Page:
To find the y-intercept of a line, substitute the values of x and y coordinates into an equation representing the line. Set x to 0, then solve for y. If the equation is already in the slope-intercept form of y = mx + b, the value of b is the y-intercept.
- Write the equation of the line in standard form
The standard form of a linear equation is ax + by = c. The variables a and b are coefficients of x and y ordered pairs.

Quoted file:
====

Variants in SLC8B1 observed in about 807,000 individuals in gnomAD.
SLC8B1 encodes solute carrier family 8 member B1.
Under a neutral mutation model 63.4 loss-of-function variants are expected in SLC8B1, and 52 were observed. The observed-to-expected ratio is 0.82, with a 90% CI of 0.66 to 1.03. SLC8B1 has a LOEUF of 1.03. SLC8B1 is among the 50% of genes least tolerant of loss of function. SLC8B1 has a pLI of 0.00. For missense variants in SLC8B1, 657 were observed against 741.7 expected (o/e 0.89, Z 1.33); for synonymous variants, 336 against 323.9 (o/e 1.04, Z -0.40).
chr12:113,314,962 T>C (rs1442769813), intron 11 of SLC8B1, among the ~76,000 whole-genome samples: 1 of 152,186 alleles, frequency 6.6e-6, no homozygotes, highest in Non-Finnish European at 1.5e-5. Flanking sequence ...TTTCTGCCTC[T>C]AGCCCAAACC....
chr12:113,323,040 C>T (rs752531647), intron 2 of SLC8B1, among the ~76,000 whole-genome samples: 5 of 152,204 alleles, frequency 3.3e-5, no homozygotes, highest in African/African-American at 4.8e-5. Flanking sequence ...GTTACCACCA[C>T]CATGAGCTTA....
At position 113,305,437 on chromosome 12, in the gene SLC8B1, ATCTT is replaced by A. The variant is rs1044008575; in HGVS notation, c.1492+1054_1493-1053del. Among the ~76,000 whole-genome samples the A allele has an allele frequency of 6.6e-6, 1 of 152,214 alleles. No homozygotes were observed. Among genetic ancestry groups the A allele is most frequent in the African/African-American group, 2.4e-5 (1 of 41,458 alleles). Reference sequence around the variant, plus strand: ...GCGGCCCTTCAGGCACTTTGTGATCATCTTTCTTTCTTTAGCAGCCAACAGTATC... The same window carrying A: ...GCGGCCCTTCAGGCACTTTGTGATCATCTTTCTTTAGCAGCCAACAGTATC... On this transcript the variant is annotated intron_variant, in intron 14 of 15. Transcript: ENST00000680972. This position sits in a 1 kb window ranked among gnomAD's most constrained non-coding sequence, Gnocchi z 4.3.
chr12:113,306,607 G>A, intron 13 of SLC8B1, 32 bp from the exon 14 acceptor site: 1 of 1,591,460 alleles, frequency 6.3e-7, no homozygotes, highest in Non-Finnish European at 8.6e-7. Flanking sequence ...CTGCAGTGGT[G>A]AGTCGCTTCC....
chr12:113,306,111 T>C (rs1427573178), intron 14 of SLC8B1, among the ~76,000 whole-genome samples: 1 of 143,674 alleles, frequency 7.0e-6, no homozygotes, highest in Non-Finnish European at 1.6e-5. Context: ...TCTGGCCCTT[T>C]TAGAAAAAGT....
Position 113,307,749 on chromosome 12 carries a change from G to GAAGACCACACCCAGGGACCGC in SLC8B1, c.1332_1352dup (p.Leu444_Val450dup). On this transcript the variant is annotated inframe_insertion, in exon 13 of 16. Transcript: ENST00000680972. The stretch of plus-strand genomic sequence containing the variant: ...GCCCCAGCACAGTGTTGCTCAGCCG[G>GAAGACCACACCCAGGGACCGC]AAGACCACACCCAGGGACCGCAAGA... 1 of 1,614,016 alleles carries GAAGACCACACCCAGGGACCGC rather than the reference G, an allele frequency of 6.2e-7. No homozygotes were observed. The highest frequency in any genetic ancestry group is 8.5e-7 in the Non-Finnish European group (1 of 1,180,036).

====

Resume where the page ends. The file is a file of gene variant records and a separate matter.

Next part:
- Substitute 0 for the value of x
The y-intercept is the point of a line that lies on the y-axis, so x has to be 0. For example, if the equation 3x + 5y = 15 is present, you substitute 0 for x, so you only have to solve for y.
- Solve for y
Divide both sides of the equation by the coefficient of y. Using the example, this would be 5, leaving y as 3.
- Plug both values into the original equation to see if it holds true
The equation should look like 3(0) + 5(3) =15. Because the two sides are equal, the point (0, 3) lies on the line represented by 3x + 5y = 15.